The FDA is about to get a lesson in how prohibition fails
The FDA is quickly getting back to normal now that it appears the worst of the coronavirus waves have passed.
And by getting back to normal, we mean plunging headlong into both prohibition and economic illiteracy. As the Tax Foundation writes, the FDA is about to ban menthol tobacco products. The aim: reduce smoking. The results will not come close to meeting the prohibitionists’ aims. As the Tax Foundation noted, a ban might even make matters much worse. There’s the tax revenue to Uncle Sam and state governments, for starters:
A nationwide ban would result in a federal revenue decline of $1.9 billion in the first full year after prohibition. In the states, the decline in excise tax revenue would be $2.6 billion, the decline in sales tax revenue would be $892 million, and the decline in MSA payments would be $1.2 billion, for a total state revenue loss of $4.7 billion. A relatively small portion of the revenue loss would be offset by increases in taxes from other tobacco products, which could still be sold flavored. Both state governments and the federal government would experience significant decreases to their tobacco tax revenue without experiencing a corresponding decrease in consumption.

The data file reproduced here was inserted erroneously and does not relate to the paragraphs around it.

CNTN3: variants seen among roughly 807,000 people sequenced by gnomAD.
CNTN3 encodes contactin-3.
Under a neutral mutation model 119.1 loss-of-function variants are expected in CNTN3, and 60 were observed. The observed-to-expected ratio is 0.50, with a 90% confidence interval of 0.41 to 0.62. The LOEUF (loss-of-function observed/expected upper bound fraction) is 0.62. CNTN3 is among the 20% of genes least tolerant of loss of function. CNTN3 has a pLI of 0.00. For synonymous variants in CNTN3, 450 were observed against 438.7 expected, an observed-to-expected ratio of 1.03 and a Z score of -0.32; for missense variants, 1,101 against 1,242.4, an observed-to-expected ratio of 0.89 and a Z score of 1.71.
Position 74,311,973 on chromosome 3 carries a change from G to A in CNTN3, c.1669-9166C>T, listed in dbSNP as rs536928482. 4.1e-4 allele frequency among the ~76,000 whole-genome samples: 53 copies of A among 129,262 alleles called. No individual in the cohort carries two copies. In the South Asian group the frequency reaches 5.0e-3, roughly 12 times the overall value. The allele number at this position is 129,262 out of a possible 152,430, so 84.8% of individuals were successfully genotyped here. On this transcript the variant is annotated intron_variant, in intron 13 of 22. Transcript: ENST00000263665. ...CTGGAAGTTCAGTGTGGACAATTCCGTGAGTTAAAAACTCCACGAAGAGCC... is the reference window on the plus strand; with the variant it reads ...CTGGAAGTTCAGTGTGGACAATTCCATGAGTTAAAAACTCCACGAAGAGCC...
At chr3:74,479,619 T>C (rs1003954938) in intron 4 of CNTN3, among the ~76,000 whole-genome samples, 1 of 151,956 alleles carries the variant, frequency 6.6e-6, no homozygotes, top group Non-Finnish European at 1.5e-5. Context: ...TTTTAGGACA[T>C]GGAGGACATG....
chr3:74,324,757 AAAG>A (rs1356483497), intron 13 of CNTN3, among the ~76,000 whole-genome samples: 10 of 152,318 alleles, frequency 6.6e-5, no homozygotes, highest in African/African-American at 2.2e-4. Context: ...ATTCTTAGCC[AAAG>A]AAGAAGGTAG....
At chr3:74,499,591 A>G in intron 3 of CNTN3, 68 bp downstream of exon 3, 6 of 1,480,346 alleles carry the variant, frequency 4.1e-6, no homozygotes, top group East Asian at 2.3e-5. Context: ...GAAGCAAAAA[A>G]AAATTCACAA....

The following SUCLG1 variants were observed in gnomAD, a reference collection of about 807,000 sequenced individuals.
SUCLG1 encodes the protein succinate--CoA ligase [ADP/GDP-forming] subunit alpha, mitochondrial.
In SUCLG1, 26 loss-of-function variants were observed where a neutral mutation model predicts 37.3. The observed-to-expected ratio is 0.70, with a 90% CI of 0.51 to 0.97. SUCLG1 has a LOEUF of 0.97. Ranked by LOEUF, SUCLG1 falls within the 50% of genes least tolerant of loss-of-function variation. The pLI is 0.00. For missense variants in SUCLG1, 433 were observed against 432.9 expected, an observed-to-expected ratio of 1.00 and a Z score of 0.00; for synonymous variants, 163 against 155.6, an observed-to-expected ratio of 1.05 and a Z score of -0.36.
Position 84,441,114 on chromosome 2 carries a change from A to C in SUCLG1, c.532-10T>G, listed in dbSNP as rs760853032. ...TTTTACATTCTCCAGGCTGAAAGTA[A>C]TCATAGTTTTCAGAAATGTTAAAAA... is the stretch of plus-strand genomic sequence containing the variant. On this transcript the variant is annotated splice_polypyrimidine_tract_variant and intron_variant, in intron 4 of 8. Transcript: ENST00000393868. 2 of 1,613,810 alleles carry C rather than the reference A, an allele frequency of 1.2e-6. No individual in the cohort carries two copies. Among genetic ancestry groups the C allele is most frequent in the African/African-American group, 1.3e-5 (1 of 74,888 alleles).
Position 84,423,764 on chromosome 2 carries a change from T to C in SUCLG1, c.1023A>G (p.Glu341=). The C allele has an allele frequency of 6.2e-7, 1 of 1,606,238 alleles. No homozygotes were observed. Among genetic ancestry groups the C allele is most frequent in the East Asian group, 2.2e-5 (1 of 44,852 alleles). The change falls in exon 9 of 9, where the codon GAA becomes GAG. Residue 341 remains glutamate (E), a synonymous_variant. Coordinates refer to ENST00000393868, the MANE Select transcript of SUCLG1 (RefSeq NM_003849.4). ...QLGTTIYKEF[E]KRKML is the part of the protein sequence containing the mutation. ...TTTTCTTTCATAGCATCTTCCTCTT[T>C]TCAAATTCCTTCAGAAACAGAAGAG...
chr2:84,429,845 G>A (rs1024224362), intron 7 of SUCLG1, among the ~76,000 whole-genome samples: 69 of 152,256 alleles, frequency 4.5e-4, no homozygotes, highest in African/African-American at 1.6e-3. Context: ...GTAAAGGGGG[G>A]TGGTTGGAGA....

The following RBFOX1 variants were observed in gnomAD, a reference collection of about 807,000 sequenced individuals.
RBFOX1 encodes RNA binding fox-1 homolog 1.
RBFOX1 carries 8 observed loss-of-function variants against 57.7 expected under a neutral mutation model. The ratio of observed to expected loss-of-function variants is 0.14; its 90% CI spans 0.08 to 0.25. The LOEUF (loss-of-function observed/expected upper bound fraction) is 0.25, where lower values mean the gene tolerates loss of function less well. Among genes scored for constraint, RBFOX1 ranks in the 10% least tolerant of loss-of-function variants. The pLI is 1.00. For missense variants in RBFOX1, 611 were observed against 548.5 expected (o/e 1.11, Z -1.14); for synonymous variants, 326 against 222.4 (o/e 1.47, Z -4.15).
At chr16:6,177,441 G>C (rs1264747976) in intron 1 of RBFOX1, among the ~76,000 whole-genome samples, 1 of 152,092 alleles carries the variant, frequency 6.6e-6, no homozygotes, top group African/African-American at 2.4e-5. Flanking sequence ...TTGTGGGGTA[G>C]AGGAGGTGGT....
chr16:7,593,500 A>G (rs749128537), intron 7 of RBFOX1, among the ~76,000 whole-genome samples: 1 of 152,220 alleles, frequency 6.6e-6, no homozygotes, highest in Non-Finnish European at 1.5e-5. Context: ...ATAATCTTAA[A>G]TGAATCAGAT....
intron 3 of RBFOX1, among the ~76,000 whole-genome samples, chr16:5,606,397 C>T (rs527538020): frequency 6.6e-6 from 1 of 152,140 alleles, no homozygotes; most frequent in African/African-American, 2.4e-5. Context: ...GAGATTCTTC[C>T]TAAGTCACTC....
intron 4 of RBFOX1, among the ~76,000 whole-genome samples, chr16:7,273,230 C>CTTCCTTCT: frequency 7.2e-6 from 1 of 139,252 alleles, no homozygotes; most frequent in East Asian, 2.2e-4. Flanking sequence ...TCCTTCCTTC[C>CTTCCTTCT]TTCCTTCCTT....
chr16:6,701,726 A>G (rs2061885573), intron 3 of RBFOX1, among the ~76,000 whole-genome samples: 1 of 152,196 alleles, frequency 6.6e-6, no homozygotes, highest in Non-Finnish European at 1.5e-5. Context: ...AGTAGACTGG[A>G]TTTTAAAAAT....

Wait…tobacco use might not fall?
…more than half of the market would remain taxed, but slightly more than 40 percent of consumption would move into other legal tobacco or nicotine use (some taxed at lower rates and some not taxed at all) or illicit tobacco use. In our assumptions, around 20 percent of current menthol cigarette consumption will move to untaxed consumption.
It’s worth noting that the estimates of cross-border trade in Europe (13 percent of menthol smokers) are self-reported (likely underreported due to illegality), and real illicit trade could be significantly higher in the U.S., since the size of the menthol market makes it a much more profitable market for illicit trade.
And about those state revenues…
If the national ban proves even a fraction as ineffective as the Massachusetts ban, it becomes a very expensive exercise in narrowing a tax base, which effectively leaves fewer taxpayers to cover the costs of the externalities associated with smoking. Moreover, the ban will further contribute to the tobacco tax’s lack of stability resulting in some uncertainty for the government programs funded by these revenue streams.
Prohibition never lives up to its billing, and always results in “unforeseen” consequences. The FDA is about to learn those lessons all over again.